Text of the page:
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What is reverse budgeting, and is it right for you?
Reverse budgeting uses the “pay yourself first” approach to saving. Learn whether it’s right for you
We’ve all been there: It’s the end of the month, and we’re not sure where our money went. And suddenly, that savings goal — whether it’s for building an emergency fund or saving for retirement — we set up for ourselves will have to wait until the next pay period. And so the cycle repeats itself.
While we all know that making and keeping a budget is an essential part of managing your finances, we also know that finding the right budgeting system can take some trial and error. If you find yourself struggling to keep your finances on track, then reverse budgeting might be the right budgeting strategy for you. Here’s what it is and who might benefit from it.
In this article:
What is reverse budgeting?
Reverse budgeting puts your savings goal front and center: You move a chunk of your money to your savings account before you get a chance to spend it. It’s also known as the “pay yourself first” approach, because you put money in your savings as soon as you get paid. Once you’ve met your monthly savings goal, you’re free to spend the rest of your money on regular bills and expenses, knowing that you can spend what’s left over guilt-free.
For example, let’s say you have a monthly income of $4,000 after taxes and your monthly savings goal is $500. In that case, you would move $500 into your savings account, IRA account, or preferred savings tool as soon as you get your paycheck. (Or $250 per paycheck if you’re paid bi-weekly.) Now, your monthly take-home is $3,500 instead of $4,000.
If you can cover your monthly expenses after you’ve “paid yourself,” then it really doesn’t matter how — or if — you budget after the fact. The most important thing is hitting that savings goal as soon as possible so you don’t have to worry about it for the rest of the month.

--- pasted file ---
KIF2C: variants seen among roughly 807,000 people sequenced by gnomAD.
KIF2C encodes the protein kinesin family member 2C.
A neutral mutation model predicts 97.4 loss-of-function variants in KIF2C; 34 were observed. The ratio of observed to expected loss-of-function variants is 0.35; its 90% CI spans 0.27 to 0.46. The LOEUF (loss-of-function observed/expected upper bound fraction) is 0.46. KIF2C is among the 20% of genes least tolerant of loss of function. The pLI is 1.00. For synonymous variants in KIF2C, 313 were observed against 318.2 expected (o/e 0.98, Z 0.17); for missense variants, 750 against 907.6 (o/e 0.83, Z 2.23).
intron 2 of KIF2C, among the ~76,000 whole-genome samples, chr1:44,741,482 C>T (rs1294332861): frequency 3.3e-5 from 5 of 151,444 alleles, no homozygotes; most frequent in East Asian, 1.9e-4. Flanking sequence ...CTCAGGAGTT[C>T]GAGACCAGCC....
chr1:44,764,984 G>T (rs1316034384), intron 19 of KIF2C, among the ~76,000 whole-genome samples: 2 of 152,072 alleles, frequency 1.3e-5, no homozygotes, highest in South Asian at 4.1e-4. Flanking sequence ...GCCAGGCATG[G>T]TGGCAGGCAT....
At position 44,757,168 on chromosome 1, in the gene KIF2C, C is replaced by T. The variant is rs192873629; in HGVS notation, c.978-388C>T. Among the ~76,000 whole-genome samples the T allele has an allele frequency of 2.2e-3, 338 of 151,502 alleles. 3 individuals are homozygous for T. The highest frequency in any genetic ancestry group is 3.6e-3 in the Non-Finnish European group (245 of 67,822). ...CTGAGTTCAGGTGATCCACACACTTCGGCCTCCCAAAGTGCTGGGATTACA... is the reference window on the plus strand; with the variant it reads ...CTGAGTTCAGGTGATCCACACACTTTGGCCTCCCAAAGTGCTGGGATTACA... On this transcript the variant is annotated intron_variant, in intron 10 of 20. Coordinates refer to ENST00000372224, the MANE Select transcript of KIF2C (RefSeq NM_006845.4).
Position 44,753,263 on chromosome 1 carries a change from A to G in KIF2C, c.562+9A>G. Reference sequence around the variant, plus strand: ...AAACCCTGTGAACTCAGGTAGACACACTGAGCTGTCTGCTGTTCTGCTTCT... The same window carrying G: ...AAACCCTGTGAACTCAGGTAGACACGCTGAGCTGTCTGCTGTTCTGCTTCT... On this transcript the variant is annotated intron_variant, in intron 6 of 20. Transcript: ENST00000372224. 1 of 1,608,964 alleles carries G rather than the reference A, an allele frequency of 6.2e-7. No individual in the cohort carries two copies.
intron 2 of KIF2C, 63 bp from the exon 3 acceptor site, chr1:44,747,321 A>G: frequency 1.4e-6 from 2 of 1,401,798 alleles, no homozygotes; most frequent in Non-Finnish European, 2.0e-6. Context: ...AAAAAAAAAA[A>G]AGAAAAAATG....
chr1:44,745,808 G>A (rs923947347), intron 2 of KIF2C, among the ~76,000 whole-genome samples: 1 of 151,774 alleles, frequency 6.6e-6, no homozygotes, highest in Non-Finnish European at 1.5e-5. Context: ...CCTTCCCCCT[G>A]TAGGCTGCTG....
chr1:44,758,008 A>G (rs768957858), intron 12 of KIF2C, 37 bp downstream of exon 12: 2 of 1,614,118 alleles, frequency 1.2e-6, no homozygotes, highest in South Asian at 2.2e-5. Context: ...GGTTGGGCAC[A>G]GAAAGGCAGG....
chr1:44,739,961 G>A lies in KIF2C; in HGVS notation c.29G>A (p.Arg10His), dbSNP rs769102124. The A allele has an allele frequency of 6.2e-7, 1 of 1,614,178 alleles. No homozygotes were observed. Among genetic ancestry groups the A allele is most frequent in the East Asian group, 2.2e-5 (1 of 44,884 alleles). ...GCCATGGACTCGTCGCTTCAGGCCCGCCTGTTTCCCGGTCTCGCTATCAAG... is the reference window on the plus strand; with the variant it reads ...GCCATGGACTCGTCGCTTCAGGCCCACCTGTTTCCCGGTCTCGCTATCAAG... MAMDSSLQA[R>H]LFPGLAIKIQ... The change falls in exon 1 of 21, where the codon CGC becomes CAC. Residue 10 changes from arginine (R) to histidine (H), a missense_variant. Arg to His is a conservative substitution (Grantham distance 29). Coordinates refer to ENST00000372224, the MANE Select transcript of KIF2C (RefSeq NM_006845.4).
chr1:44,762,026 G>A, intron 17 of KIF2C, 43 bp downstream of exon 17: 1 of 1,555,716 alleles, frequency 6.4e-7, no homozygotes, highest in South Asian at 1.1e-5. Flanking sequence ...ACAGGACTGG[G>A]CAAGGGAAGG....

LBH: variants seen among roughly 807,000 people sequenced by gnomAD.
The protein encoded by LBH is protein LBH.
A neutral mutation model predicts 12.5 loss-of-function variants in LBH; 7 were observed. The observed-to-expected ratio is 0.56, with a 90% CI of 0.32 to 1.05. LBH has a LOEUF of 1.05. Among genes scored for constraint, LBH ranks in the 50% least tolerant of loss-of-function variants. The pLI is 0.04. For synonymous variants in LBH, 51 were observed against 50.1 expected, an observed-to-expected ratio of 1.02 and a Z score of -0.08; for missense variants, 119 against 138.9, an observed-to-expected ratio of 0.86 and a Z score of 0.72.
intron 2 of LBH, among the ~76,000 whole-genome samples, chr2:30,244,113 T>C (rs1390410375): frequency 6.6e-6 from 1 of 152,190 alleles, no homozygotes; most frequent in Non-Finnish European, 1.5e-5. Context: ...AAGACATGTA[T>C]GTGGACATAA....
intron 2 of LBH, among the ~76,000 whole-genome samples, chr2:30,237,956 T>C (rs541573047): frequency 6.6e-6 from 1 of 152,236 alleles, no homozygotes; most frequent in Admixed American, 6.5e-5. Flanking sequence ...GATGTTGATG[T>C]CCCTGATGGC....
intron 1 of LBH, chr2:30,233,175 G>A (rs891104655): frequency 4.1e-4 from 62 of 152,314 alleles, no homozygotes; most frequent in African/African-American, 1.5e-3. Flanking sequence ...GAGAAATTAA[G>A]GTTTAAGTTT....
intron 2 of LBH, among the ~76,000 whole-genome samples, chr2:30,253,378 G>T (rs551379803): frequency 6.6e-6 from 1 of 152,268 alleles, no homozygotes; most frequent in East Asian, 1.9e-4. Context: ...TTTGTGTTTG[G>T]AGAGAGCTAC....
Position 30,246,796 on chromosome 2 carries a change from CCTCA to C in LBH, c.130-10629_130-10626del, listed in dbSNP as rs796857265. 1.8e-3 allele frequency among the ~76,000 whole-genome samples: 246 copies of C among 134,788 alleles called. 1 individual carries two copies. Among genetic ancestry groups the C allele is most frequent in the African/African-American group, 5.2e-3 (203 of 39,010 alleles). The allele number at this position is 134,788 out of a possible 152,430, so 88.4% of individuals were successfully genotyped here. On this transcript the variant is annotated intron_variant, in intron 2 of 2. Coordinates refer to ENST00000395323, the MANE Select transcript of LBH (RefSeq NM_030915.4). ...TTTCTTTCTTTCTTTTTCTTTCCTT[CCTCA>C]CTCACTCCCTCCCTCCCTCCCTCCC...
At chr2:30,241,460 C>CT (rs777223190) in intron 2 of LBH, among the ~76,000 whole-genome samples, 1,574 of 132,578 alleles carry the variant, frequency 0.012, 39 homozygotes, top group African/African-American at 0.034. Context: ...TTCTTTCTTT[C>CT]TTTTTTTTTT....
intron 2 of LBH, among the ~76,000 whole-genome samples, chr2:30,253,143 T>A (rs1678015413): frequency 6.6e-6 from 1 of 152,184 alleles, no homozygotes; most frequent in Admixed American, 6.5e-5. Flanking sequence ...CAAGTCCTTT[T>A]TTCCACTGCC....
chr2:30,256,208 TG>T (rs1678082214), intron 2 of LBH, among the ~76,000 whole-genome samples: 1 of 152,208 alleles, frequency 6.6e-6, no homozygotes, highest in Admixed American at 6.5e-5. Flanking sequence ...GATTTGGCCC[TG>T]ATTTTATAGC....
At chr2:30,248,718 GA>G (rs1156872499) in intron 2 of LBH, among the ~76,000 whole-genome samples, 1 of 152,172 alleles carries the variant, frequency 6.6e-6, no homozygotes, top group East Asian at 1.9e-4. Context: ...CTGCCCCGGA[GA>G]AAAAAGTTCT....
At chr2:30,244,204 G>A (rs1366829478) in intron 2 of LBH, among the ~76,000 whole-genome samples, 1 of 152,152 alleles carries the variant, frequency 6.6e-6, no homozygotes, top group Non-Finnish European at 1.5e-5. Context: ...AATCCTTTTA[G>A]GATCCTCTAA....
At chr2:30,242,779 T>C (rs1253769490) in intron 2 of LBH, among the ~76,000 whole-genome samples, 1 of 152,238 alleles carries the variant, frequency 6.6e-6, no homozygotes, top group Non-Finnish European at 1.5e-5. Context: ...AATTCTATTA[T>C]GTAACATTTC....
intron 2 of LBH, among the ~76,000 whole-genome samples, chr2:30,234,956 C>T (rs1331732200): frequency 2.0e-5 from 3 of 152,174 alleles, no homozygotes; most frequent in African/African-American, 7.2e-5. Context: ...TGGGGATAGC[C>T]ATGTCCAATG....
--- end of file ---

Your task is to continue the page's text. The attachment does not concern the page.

What are some pros and cons of reverse budgeting?
Here are some of the biggest advantages and disadvantages of this money management strategy.
- Makes it easy to meet your savings goals: By meeting your savings goal as soon as you get your paycheck, you reduce the risk of accidentally spending the money you originally intended to save.
- Doesn’t require constant monitoring: If you don’t like keeping track of your individual expenses, this budgeting method lets you take a more lax approach to your monthly budget. By front-loading your savings, you can use the remaining balance to spend as you see fit. No need to stick to rigid spending categories if you’ve already met your savings goal.
- Can be easily automated: Many banks let you set up automated transfers between your checking and savings accounts. So, if you get paid on the first of every month, you can set up an automated transfer for the second of every month. That way, you’ll know you’re contributing to your financial goals without having to lift a finger.
- Guilt-free spending: Your monthly budget should bring you joy, not stress. Reverse budgeting can let you relax and spend your money freely once you’ve committed your goal amount to your savings.
- Not ideal if you have a lot of debt: Saving money should always be a priority, but paying off debt can be more important if you have a lot of debt or have any debt with a high interest rate. For example, lowering your credit card debt can help you attain financial freedom faster than saving because it’ll help you reduce the total amount of interest you’ll pay.
- Can enable overspending: Because reverse budgeting emphasizes saving (rather than how you’re spending money), you run the risk of overspending simply because you’re not tracking things closely. In turn, you might have to dip into your savings account to cover the gap. This defeats the entire purpose behind reverse budgeting, so you might benefit from a more strict budgeting method like envelope budgeting.
- Unexpected expenses can be challenging: Saving a certain amount of money can sound like a good idea until an unexpected event throws a wrench in your plans. And again, you might find yourself withdrawing from your savings account (or borrowing money) to cover them.
- Not suitable for people with variable income: A reverse budgeting plan depends on having a fixed income and, to a certain extent, fixed expenses. If you’re a freelancer, contractor, or business owner with variable income, then you might not be able to tell how much money you’re able to save in any given month.
Who should consider reverse budgeting?
Reverse budgeting isn’t for everyone. If you’re still wondering whether this is the right approach for you, consider if you fall into any of the following categories: